According to the Office for National Statistics, this summer we’ve seen more deaths registered in England and Wales than expected.
The difference between the actual and expected number of deaths recorded, from any cause, is known as the excess deaths. During the first eight weeks of 2022, despite there being 9,110 deaths documented with COVID mentioned on the death certificate in England and Wales, there were 8,001 fewer total deaths than anticipated.
However, since April this has flipped. Between April 2 and August 19 (granted, a longer period) there were 12,321 deaths registered with COVID on the death certificate but notably, 21,475 excess deaths.
So if COVID accounts for only a little over half of these excess deaths, what may be driving the rest? There are a range of possible explanations, several stemming from the indirect effects of the pandemic.
The first possibility is that some deaths may follow weeks or months after recovery from a severe COVID infection and therefore not be registered as a COVID death. Research has shown that people who have recovered from COVID have had a higher risk of heart disease, for example, and deaths from other causes.
But these studies were based on infections earlier in the pandemic and found that ill health and death were more common in people who were very sick when they had COVID. Whether the same risk applies now with the generally milder acute illness is doubtful.
Another possibility may relate to the secondary effects of COVID control measures, especially lockdowns. Lockdowns were associated with deterioration in health, especially mental health, and healthy behaviour such as exercising and eating well. These negative effects were most marked in vulnerable groups such as older people and those who are severely obese.
There is no evidence that lockdowns early in the pandemic were associated with excess deaths in countries which initially avoided large numbers of COVID infections, such as Australia and New Zealand. But one issue that remains a concern is that the pandemic has reduced activity levels, especially in older people. We know people who do less physical activity have a higher risk of death over time.
There are also concerns that older people are not returning to socialising, and that a resulting lack of social connection may be affecting their health and therefore mortality.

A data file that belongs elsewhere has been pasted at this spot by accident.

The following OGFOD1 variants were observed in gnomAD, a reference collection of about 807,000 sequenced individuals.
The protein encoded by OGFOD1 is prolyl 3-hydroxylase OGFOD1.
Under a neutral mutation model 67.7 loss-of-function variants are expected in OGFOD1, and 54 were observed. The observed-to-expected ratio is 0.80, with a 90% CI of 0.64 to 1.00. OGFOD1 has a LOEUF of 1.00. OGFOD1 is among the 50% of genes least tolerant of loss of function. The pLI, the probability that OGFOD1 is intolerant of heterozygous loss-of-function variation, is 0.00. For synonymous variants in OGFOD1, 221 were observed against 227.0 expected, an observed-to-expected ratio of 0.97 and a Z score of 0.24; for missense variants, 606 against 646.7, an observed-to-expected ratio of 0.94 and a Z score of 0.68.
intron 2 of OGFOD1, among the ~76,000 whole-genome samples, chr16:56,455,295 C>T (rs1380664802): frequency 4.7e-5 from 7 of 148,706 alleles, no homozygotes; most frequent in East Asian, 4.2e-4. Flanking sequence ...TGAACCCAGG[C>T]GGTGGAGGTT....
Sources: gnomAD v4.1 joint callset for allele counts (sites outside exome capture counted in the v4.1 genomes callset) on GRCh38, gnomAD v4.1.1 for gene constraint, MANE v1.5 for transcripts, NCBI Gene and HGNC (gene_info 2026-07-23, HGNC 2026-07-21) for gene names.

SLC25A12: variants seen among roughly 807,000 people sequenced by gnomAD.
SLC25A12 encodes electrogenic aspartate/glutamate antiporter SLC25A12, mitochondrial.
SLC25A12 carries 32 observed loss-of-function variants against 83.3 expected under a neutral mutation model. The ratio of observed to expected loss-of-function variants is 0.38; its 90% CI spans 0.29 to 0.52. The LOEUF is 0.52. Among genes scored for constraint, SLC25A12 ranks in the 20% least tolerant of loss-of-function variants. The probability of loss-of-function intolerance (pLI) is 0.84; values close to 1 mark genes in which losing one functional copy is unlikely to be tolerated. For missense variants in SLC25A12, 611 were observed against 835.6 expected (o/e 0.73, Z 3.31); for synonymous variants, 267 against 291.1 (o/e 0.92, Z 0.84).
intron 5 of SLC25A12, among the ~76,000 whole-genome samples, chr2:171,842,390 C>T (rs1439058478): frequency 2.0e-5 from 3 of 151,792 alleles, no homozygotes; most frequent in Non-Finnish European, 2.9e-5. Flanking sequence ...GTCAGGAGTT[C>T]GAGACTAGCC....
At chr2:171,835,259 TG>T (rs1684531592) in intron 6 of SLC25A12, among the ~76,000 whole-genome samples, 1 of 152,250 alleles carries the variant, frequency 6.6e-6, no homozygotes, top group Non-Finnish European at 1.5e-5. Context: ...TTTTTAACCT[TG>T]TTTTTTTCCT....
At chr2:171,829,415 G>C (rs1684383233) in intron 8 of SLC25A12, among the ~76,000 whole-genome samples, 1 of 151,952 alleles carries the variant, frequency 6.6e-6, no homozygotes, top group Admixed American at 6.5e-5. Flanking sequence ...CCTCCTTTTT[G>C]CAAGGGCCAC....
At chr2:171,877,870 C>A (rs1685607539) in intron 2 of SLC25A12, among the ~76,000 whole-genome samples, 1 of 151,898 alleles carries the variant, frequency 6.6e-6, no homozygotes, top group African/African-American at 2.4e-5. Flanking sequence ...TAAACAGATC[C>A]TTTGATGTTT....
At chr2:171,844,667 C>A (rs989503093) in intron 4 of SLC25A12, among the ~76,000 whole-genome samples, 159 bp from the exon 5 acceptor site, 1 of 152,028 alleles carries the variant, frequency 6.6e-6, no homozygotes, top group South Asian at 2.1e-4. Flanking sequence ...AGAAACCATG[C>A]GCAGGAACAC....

While lockdowns do have consequences for public health, in the early days of the pandemic the benefits in reducing COVID transmission over the negative effects were clear. However, once most people had been vaccinated, the harms of such strict measures started to outweigh the benefits, in my view.
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A further possibility may be the impact of the pandemic on healthcare services. There’s plenty of evidence that the pandemic delayed necessary non-COVID medical care for many people. Early in the pandemic this would have been due to the large number of COVID cases requiring hospital care, but more recently this has primarily been exacerbated by staff having to self-isolate.
Evidence shows that delays in accessing healthcare are associated with increased mortality. A recent study in the English National Health Service found people who had to wait in the emergency room for more than five hours were more likely to die compared to people who were seen within the first five hours. As waits got longer, the risk of death increased.
It is certainly the case that waits in A&E and even in ambulances prior to getting into A&E have increased.
The UK has experienced two severe heatwaves this summer. Heatwaves are associated with increased deaths, especially in older and more vulnerable people. The July heatwave in particular was associated with a marked peak in deaths both among people with COVID and people without COVID. It is too early to know how the August heatwave affected mortality. However, the impact of the July heatwave was short-lived and could not explain the excess deaths over other weeks.
Further, although the link between the state of the economy and increased mortality is complex, there is good evidence that deprivation and economic crises are associated with early death.
While it’s too early for official figures for 2022 to confirm this, poverty in the UK has been predicted to increase this year and next. Recent rises in inflation will probably have accelerated this increase in deprivation and it’s likely that there will be some effect on mortality.
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So there are a range of factors that may have contributed to the rise in excess deaths over recent months, but distinguishing the relative contributions of each cause is not easy. There may also be other factors at work that we have not yet considered.
As we emerge from the acute phase of the pandemic, understanding the causes of these observed excess deaths, and identifying how they can be reduced, could be the next big public health challenge facing the UK.
Paul Hunter consults for the World Health Organization. He receives funding from National Institute for Health Research, the World Health Organization and the European Regional Development Fund.